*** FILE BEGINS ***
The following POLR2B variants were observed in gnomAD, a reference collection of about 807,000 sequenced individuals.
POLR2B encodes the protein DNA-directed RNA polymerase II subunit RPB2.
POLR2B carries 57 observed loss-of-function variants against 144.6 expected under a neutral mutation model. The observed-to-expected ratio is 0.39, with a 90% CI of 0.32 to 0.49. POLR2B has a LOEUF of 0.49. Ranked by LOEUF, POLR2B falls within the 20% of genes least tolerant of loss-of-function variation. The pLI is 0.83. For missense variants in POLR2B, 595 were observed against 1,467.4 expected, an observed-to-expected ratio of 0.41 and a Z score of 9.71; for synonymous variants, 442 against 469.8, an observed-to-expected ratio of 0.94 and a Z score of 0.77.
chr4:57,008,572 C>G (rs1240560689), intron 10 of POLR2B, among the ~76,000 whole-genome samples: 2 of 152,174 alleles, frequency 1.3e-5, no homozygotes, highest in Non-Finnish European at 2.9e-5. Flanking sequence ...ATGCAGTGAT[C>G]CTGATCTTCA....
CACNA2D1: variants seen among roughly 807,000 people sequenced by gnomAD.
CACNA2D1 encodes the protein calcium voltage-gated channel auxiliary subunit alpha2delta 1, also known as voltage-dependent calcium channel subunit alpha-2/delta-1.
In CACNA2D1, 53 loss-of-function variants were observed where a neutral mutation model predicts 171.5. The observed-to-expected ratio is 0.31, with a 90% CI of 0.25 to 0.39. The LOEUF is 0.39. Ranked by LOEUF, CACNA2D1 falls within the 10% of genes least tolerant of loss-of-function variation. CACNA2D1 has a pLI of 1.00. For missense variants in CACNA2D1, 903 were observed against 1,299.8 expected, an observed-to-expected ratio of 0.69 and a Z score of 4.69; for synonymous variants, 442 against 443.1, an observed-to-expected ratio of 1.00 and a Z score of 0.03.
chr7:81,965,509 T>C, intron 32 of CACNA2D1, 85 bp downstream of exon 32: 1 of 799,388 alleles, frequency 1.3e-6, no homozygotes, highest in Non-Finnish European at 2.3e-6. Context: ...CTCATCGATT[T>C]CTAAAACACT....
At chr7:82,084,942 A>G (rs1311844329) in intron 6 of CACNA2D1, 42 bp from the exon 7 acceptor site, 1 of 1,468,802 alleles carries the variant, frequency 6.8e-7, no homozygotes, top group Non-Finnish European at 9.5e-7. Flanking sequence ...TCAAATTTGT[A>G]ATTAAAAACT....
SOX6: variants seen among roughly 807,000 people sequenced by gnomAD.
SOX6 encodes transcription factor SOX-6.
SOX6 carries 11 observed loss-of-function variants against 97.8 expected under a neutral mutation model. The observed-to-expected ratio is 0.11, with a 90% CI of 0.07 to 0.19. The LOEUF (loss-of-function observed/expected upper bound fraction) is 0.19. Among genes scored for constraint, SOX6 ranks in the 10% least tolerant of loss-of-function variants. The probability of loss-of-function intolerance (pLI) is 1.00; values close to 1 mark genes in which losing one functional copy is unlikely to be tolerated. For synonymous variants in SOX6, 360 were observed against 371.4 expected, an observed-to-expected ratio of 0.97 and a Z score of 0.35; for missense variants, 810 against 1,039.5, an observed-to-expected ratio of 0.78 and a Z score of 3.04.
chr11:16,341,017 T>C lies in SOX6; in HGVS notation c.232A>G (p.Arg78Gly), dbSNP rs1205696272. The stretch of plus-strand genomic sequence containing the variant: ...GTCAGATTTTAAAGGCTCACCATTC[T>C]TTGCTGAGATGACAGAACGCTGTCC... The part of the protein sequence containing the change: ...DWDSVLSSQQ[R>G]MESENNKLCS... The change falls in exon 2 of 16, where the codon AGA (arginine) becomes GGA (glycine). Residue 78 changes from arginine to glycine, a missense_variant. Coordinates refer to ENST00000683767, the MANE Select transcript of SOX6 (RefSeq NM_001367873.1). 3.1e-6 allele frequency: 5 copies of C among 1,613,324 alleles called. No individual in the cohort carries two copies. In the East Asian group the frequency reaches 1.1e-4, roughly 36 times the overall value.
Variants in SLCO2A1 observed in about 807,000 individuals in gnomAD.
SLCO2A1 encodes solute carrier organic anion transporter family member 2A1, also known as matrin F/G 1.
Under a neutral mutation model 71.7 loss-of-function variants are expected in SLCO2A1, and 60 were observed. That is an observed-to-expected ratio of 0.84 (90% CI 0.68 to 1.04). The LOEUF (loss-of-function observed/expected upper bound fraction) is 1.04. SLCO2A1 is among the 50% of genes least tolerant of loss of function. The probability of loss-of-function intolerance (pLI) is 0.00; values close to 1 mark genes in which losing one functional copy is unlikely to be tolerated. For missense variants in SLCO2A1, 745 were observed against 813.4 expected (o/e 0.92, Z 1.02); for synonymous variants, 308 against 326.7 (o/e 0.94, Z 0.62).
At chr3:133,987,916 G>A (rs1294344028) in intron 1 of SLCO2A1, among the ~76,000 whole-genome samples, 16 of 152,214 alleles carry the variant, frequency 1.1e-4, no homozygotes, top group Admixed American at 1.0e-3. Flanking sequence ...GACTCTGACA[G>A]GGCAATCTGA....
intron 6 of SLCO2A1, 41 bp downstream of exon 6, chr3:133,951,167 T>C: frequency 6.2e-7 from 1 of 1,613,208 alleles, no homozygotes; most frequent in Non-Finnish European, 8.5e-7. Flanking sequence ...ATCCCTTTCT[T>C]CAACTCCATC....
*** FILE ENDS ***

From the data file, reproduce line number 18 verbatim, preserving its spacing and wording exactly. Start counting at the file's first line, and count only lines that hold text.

intron 6 of SLCO2A1, 41 bp downstream of exon 6, chr3:133,951,167 T>C: frequency 6.2e-7 from 1 of 1,613,208 alleles, no homozygotes; most frequent in Non-Finnish European, 8.5e-7. Flanking sequence ...ATCCCTTTCT[T>C]CAACTCCATC....